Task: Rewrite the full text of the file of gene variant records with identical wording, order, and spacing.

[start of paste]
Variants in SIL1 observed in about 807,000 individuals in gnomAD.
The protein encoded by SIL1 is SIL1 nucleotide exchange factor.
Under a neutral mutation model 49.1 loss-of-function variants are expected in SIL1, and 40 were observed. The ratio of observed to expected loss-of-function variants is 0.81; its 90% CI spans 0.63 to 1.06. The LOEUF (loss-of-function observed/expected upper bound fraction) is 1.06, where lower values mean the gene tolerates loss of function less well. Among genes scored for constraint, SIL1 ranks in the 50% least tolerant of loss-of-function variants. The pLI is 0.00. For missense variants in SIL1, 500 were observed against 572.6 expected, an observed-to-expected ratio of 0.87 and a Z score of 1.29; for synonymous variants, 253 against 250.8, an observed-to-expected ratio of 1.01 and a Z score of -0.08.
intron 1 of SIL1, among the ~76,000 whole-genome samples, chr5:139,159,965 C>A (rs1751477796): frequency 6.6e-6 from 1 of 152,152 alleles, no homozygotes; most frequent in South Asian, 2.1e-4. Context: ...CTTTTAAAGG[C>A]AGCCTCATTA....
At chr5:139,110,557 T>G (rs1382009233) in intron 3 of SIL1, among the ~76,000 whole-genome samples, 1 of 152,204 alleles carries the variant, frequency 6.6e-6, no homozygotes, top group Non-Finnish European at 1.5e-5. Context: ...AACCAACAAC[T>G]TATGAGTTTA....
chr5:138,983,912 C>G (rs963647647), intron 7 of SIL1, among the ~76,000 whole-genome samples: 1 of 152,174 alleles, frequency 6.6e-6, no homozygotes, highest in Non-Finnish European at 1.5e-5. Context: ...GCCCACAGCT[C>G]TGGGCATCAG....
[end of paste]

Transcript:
Variants in SIL1 observed in about 807,000 individuals in gnomAD.
The protein encoded by SIL1 is SIL1 nucleotide exchange factor.
Under a neutral mutation model 49.1 loss-of-function variants are expected in SIL1, and 40 were observed. The ratio of observed to expected loss-of-function variants is 0.81; its 90% CI spans 0.63 to 1.06. The LOEUF (loss-of-function observed/expected upper bound fraction) is 1.06, where lower values mean the gene tolerates loss of function less well. Among genes scored for constraint, SIL1 ranks in the 50% least tolerant of loss-of-function variants. The pLI is 0.00. For missense variants in SIL1, 500 were observed against 572.6 expected, an observed-to-expected ratio of 0.87 and a Z score of 1.29; for synonymous variants, 253 against 250.8, an observed-to-expected ratio of 1.01 and a Z score of -0.08.
intron 1 of SIL1, among the ~76,000 whole-genome samples, chr5:139,159,965 C>A (rs1751477796): frequency 6.6e-6 from 1 of 152,152 alleles, no homozygotes; most frequent in South Asian, 2.1e-4. Context: ...CTTTTAAAGG[C>A]AGCCTCATTA....
At chr5:139,110,557 T>G (rs1382009233) in intron 3 of SIL1, among the ~76,000 whole-genome samples, 1 of 152,204 alleles carries the variant, frequency 6.6e-6, no homozygotes, top group Non-Finnish European at 1.5e-5. Context: ...AACCAACAAC[T>G]TATGAGTTTA....
chr5:138,983,912 C>G (rs963647647), intron 7 of SIL1, among the ~76,000 whole-genome samples: 1 of 152,174 alleles, frequency 6.6e-6, no homozygotes, highest in Non-Finnish European at 1.5e-5. Context: ...GCCCACAGCT[C>G]TGGGCATCAG....